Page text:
Secret patient waiting list associated with KC VA Medical Center was kept at cardiology clinic
06/05/2014 10:28 PM
06/05/2014 10:34 PM
Veterans Affairs officials released more information Thursday revealing that a “secret” patient waiting list associated with the Kansas City VA Medical Center was kept at a hospital cardiology clinic.
The information comes as area senators press for more information about waiting lists at the hospitals and outpatient clinics managed by the VA’s Heartland Network, based in Kansas City. These unofficial lists may place veterans at risk of being forgotten or lost in the scheduling process.
Sen. Jerry Moran of Kansas said Wednesday that the VA’s inspector general’s office was investigating waiting lists at health care facilities in the Heartland Network. The network includes seven medical centers and dozens of clinics in Kansas, Missouri, Illinois, Indiana, Kentucky and Arkansas.
On Thursday, Sen. Roy Blunt of Missouri demanded specifics about a waiting list the network had said was at a clinic related to the Kansas City VA Medical Center. The medical center runs numerous clinics within the hospital and also manages seven outpatient clinics stretching from Cameron to Nevada, Mo.
Medical center officials told Blunt’s staff that the waiting list comprised 37 patients of the hospital’s cardiology clinic. The patients have all been scheduled to be seen and none had been harmed by waiting, the VA had said previously.
Last Friday, the director of the Robert J. Dole VA Medical Center in Wichita acknowledged that there had been a “secret” waiting list at his hospital.
The VA is embroiled in a widening scandal that began with the disclosure earlier this year that veterans seeking outpatient care at the Phoenix Health Care System were being placed on “secret” lists rather than being entered into the official electronic waiting list. The scandal forced the resignation of VA Secretary Eric Shinseki last Friday.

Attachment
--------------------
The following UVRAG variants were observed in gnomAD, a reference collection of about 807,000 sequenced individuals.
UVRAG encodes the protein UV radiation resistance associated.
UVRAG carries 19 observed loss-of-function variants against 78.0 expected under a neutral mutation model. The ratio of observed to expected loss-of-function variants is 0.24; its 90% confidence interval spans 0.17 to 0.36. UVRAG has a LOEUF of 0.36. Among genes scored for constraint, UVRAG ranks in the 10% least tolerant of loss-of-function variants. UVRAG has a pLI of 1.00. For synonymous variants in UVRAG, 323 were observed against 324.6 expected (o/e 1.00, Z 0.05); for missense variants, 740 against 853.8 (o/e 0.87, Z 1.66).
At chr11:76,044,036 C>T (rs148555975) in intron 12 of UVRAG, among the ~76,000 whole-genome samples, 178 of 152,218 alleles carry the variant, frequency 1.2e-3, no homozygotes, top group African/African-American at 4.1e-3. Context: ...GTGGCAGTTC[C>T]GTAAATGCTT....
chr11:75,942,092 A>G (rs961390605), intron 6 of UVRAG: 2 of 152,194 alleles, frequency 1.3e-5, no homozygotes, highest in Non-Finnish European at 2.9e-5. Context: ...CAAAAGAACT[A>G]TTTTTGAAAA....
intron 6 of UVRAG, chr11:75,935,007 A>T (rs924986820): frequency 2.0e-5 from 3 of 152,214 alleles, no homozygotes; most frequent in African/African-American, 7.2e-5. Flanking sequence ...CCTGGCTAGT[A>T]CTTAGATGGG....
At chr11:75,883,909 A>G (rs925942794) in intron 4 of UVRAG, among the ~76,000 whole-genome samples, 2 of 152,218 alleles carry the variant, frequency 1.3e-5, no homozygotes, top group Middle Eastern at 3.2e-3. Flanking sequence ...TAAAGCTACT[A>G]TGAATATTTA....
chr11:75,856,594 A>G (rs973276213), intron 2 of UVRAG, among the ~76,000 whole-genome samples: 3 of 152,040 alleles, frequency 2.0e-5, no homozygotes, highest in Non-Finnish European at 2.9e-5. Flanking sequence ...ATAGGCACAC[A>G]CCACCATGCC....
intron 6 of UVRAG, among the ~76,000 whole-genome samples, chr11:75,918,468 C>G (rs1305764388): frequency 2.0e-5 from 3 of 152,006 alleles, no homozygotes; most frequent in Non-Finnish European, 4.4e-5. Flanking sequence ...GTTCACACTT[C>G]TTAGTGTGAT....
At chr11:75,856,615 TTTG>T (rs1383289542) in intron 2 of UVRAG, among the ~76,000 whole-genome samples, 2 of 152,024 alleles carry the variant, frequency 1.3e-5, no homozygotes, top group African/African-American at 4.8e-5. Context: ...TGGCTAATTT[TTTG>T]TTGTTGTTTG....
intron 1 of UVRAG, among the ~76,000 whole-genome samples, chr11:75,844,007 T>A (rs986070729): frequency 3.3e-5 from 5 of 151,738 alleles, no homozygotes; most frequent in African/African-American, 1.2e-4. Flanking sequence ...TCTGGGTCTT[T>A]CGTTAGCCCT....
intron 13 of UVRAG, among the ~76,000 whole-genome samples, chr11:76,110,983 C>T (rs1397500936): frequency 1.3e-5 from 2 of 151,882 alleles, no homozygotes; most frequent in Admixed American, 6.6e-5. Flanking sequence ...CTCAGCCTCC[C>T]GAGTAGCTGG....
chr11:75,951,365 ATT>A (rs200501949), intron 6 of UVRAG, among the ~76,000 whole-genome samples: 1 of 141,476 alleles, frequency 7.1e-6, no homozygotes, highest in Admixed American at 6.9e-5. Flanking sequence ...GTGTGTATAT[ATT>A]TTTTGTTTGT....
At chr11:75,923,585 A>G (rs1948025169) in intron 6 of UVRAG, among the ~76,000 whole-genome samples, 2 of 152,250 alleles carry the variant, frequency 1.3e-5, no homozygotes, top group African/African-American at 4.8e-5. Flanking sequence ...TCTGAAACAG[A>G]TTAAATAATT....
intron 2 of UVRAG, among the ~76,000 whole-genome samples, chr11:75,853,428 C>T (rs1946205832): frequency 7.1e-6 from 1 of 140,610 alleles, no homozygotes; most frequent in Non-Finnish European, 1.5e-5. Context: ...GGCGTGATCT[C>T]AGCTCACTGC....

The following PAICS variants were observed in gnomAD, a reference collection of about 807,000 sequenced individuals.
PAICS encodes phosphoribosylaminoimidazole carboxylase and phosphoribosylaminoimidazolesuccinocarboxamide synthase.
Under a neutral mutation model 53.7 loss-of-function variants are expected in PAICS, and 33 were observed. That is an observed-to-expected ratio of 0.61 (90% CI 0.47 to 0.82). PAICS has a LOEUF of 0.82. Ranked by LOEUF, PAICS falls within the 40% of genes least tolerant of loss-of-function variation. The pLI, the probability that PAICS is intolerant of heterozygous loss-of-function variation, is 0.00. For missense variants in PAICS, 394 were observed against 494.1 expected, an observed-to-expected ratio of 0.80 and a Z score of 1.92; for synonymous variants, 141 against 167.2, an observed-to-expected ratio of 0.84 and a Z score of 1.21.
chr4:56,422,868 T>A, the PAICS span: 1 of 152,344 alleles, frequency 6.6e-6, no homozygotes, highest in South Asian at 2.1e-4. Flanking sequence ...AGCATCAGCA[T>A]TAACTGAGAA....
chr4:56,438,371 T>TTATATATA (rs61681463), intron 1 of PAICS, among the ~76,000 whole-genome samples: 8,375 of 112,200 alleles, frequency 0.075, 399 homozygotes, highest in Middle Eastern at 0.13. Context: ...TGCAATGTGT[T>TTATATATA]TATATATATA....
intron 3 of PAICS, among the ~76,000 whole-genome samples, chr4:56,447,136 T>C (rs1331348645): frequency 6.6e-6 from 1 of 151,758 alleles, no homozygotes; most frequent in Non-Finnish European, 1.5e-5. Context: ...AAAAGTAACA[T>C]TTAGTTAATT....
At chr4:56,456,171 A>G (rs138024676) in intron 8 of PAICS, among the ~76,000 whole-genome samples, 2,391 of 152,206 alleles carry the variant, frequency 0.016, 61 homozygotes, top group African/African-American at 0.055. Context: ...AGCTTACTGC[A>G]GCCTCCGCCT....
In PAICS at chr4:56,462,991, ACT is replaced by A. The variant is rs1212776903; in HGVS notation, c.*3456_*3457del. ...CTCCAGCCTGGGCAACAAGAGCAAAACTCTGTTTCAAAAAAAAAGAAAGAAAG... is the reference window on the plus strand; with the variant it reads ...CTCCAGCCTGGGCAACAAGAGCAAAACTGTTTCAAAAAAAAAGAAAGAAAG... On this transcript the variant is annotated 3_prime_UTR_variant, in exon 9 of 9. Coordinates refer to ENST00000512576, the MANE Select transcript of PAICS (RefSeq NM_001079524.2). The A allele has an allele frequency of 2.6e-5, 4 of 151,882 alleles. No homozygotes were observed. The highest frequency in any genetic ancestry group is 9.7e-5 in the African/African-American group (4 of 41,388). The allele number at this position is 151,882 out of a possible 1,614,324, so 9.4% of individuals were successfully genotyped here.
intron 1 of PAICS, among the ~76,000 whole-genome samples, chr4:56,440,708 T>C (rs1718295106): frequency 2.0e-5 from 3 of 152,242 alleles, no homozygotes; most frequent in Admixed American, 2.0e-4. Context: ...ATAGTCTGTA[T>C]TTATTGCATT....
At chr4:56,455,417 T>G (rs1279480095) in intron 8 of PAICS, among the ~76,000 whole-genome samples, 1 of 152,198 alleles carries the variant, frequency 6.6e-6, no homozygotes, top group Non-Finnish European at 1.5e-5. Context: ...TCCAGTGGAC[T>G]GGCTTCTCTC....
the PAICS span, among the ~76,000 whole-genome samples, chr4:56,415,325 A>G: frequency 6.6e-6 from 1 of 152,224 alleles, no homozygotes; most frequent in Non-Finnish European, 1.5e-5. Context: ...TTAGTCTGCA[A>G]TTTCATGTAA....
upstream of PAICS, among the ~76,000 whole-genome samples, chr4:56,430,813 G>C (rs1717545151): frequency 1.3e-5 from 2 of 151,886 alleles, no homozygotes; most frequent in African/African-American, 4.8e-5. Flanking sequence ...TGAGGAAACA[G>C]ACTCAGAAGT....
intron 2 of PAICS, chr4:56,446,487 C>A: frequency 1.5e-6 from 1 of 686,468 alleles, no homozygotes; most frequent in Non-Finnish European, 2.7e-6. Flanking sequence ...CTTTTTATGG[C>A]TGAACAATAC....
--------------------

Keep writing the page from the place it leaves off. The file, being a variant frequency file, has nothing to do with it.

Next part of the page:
Keeping patients off the official list can make waiting times appear shorter. Wait times are a factor in how bonuses and raises are determined. The VA inspector general has called inappropriate patient scheduling practices a systemic problem throughout the VA.
Spokesmen for the Kansas City VA Medical Center and the Heartland Network did not return calls Thursday from The Star. Instead, the hospital issued this statement:
“The Kansas City VA Medical Center is working with VA Central Office as they continue a nationwide audit to ensure a full understanding of VA’s scheduling policy and continued integrity in managing patient access to care. We are also systematically reviewing capacity at the medical center and each of our community-based clinics in an effort to maximize our ability to provide veterans medical appointments when and in the manner they want them.”
The hospital also was authorized to increase referrals of veterans to non-VA health care providers if “we find situations where we are not able to increase capacity.”
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